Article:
Please use this identifier to cite or link to this item:
|Scopus||Web of Science®||Altmetric|
|Title:||Bimodal electric tissue ablation (BETA) compared with the Cool-Tip RFA system|
|Citation:||Australian and New Zealand Journal of Surgery, 2012; 82(4):269-274|
|Publisher:||Blackwell Science Asia|
|Leong Ung Tiong, John B. F. Field and Guy J. Maddern|
|Abstract:||Background: Bimodal electric tissue ablation (BETA) incorporates the process of electrolysis into radiofrequency ablation (RFA) to increase the size of tissue ablation. This study investigated whether BETA could increase the efficacy of the Cool-Tip RF system (Covidien, Boulder, CO, USA) to produce larger ablations. It also investigated whether applying electrolysis only during the pretreatment phase (called electrochemical treatment (ECT)/RFA group) is as effective as BETA (where electrolysis was used during both the pretreatment and RFA phases). Methods: A Cool-Tip RF system (Covidien) was used to test three types of ablations (RFA, BETA, and ECT/RFA) in a pig liver model. In BETA, 9 V of direct current was provided for 10 min, after which the RF generator was started and both electrical circuits were allowed to run concurrently. In ECT/RFA, however, the direct current circuit was switched off after 10 min of pretreatment and only RFA was performed as described above. Ablation sizes were measured in three dimensions. Results: The size of ablations (transverse diameter A and B) produced by BETA and ECT/RFA was significantly larger compared with standard RFA (P < 0/001). BETA also created larger ablations compared with ECT/RFA (P < 0.001). Conclusion: BETA could improve the efficacy of the Cool-Tip RF system (Covidien) to achieve larger ablations. The increased tissue hydration improved delivery of electrical energy to the tissues and delayed the process of desiccation, thus allowing the ablation process to continue for longer periods of time to produce larger ablations. BETA could be used to treat larger liver tumours more effectively than standard RFA.|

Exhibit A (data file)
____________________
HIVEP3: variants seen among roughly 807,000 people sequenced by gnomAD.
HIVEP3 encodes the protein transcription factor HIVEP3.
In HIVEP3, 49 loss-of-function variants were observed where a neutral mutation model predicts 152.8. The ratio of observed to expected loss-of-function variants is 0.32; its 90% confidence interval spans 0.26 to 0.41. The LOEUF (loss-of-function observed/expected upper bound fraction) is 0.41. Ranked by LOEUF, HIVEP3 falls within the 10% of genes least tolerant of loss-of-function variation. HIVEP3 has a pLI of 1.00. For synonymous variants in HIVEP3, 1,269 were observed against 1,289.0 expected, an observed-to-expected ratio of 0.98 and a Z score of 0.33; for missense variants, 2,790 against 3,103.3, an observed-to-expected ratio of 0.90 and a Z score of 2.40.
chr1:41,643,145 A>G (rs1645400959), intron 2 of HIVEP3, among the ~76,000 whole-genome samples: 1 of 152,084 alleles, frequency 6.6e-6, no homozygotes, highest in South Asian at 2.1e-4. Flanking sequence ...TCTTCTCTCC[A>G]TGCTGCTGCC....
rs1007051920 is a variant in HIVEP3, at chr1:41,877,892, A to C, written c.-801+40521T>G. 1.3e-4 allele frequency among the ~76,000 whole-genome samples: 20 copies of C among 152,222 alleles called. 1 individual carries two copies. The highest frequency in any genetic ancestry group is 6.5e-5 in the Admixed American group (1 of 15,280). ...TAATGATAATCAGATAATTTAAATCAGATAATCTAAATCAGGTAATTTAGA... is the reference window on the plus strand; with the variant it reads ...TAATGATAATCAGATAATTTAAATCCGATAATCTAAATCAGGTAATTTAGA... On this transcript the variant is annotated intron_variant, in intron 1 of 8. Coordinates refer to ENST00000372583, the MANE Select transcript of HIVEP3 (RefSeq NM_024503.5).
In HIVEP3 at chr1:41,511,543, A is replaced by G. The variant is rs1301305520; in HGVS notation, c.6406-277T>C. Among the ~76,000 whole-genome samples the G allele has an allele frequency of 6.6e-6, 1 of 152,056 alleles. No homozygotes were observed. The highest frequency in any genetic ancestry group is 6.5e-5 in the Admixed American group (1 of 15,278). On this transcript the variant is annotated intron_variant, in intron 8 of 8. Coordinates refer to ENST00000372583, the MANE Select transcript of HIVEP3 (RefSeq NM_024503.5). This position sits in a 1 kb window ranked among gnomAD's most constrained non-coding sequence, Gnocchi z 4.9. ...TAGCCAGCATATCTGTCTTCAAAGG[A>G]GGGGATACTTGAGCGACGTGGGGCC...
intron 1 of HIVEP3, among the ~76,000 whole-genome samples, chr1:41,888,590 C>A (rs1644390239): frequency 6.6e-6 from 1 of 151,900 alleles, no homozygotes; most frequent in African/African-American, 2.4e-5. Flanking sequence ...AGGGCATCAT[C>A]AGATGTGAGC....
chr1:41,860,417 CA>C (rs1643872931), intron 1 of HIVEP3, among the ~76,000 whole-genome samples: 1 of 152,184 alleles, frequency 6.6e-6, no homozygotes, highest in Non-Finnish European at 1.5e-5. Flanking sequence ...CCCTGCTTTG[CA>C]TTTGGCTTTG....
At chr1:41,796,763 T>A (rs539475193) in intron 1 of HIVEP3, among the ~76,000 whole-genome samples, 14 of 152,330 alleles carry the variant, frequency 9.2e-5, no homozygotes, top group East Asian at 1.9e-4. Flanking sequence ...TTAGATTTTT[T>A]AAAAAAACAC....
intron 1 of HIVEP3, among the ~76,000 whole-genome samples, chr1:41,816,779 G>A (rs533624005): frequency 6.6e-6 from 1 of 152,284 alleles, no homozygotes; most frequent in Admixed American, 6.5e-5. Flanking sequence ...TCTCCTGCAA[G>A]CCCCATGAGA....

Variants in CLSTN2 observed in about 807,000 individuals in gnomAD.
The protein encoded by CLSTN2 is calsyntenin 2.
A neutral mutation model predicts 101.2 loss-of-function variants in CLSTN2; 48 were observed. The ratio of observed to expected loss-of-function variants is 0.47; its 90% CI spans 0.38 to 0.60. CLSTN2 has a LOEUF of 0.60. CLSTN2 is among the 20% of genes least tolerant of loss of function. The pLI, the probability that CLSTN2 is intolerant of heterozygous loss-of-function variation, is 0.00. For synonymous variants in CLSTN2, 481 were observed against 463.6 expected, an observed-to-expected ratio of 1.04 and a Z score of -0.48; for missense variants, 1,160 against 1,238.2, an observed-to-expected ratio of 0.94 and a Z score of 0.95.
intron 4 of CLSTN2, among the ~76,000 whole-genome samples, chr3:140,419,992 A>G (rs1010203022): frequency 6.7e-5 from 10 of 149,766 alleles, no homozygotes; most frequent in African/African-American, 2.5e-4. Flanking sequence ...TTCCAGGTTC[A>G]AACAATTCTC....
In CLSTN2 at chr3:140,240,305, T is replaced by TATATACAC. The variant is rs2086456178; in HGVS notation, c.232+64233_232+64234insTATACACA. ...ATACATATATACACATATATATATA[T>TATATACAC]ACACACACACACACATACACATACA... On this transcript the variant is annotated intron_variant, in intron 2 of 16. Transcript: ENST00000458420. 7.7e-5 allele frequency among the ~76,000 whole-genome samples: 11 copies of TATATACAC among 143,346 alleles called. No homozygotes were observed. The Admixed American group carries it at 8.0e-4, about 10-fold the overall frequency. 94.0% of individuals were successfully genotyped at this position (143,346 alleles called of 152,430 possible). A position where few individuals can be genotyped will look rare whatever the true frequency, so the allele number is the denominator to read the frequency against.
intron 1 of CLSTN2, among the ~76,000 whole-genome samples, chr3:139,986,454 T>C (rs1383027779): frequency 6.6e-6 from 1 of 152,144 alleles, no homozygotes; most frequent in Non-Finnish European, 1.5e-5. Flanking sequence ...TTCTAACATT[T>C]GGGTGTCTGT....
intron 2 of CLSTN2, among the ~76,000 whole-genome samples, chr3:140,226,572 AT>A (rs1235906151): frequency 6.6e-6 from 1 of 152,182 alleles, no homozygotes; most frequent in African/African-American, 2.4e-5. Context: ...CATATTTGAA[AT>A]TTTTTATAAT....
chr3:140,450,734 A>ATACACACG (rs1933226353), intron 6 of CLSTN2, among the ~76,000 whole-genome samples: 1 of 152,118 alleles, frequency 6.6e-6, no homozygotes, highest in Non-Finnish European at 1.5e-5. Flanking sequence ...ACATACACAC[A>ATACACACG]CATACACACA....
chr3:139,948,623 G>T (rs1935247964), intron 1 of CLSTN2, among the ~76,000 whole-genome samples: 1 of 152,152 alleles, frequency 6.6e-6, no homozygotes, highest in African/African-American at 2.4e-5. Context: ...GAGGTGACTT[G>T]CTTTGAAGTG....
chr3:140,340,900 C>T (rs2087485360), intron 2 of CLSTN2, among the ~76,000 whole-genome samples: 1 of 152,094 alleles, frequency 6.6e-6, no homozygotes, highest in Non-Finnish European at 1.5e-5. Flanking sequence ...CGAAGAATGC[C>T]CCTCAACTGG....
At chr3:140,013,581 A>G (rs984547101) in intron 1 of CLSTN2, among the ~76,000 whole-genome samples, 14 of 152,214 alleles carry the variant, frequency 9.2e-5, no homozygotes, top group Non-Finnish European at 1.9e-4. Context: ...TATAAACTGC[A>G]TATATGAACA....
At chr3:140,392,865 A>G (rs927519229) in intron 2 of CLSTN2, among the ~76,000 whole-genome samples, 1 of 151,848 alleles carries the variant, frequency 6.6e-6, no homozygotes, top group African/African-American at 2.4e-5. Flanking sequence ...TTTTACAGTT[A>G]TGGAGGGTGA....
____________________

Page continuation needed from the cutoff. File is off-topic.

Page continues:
|Keywords:||hepatopancreaticobiliary surgery; liver cancer; radiofrequency ablation; surgical oncology.|
|Rights:||© 2012 The Authors|
|Appears in Collections:||Surgery publications|
Files in This Item:
There are no files associated with this item.
Items in DSpace are protected by copyright, with all rights reserved, unless otherwise indicated.